"Political scientists describe a phenomenon known as state political culture, which is a set of beliefs and attitudes that are consistent over time and confined to a certain geographic area. Some experts say that we owe these variations in political beliefs to the original immigrants who settled in different parts of the country.
These immigrants brought their grudges and Old World values to the United States, and those views melded with new American values. The Puritans stamped their views of society and politics on the Northeast, and the Scandinavians put their own mark on the Midwest. Northern New Jersey, which I call home, was shaped by the original Dutch settlers, as well as by the latecomers of Irish and Italians to the port-side cities."Indeed, Laura McKenna goes on to trace this line of thinking, citing Daniel Elazar's (state-level) thesis, David Hackett Fisher's (four-culture) Albion's Seed and, I'm pleased to say, American Nations and my recent article on violence and regional cultures, which went viral a few months ago. The conclusion:
Broadly speaking, I agree with the spirit of Laura McKenna's argument. But I'm not sure the clashing definitions of what "freedom" or "liberty" mean -- or what role the federal government should have -- constitute side dishes. We fought a Civil War over these things. A better analogy might be that we agree that there's a dinner table and place settings and maybe what wine we should be drinking with our meal, but fundamentally disagree on how the turkey should be cooked, carved, and presented.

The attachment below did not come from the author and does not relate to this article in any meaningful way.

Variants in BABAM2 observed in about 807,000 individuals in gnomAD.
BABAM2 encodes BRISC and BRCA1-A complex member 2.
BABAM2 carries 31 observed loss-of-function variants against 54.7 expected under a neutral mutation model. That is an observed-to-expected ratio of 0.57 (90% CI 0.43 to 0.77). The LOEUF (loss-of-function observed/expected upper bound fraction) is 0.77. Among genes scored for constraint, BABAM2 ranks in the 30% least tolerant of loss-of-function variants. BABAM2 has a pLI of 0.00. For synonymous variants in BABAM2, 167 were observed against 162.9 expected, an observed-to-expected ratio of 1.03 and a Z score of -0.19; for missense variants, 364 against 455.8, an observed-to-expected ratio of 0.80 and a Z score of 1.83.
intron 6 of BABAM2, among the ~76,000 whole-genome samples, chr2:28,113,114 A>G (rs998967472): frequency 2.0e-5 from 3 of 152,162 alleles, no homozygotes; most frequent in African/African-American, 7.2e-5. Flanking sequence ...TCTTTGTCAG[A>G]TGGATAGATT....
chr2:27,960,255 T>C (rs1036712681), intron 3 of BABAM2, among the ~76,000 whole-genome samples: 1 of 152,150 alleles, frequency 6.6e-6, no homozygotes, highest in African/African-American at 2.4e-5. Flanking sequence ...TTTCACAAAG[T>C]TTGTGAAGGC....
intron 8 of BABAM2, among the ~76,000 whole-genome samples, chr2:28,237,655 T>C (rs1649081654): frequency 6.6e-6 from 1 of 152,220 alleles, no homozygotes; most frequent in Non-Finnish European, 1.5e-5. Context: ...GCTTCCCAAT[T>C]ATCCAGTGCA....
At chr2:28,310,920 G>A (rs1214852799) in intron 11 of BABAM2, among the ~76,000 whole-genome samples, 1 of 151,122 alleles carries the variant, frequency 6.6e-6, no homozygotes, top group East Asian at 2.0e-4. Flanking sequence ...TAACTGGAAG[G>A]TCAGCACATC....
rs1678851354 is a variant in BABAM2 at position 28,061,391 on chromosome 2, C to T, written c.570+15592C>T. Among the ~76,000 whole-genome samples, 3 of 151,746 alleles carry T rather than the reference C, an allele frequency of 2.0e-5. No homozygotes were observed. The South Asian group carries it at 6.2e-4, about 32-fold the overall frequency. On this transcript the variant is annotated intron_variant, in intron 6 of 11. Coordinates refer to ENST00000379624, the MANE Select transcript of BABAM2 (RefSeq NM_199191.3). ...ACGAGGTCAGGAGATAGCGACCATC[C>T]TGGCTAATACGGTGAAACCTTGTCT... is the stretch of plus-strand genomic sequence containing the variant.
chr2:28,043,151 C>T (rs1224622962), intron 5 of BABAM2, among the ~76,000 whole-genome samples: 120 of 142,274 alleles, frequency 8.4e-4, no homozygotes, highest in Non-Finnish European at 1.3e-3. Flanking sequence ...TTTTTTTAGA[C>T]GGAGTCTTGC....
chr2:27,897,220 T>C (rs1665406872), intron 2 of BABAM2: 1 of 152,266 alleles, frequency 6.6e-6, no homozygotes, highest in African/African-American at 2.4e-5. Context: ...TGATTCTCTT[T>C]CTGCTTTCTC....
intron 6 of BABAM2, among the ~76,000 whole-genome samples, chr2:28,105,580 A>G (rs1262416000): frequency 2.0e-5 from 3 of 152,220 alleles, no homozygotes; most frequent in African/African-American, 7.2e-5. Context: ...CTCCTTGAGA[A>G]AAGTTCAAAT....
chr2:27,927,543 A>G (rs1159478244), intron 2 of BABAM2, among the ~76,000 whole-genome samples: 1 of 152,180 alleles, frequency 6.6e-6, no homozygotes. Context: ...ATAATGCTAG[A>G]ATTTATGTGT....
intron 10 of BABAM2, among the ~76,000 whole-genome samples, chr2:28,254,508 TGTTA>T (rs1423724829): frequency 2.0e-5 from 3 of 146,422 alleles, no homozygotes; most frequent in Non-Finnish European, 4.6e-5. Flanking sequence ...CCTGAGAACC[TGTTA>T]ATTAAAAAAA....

Perhaps we should accept that we are a country that agrees about certain basic things, but clashes over the specifics. We’re a very large and very dysfunctional family at the Thanksgiving dinner table that quarrels about the side dishes, but all expect—and overlook—the turkey main course. Dysfunctional families, after all, work, and their flexibility might ward off bigger crises and conflict. There’s a place for everyone.
And, of course, state-level analysis misses a great deal, given that many states are riven with profound cultural cleavages dating back to different settlement streams in the colonial era. (Witness Upstate and Downstate Illinois or north Coastal California and that state's south and, separately, interior.) Many state's political cultures are defined by massive sectional disagreements. The real question might be: why do some states have broad agreement on the great questions of government -- within New England, for instance -- and others suffer from massive internal disagreements?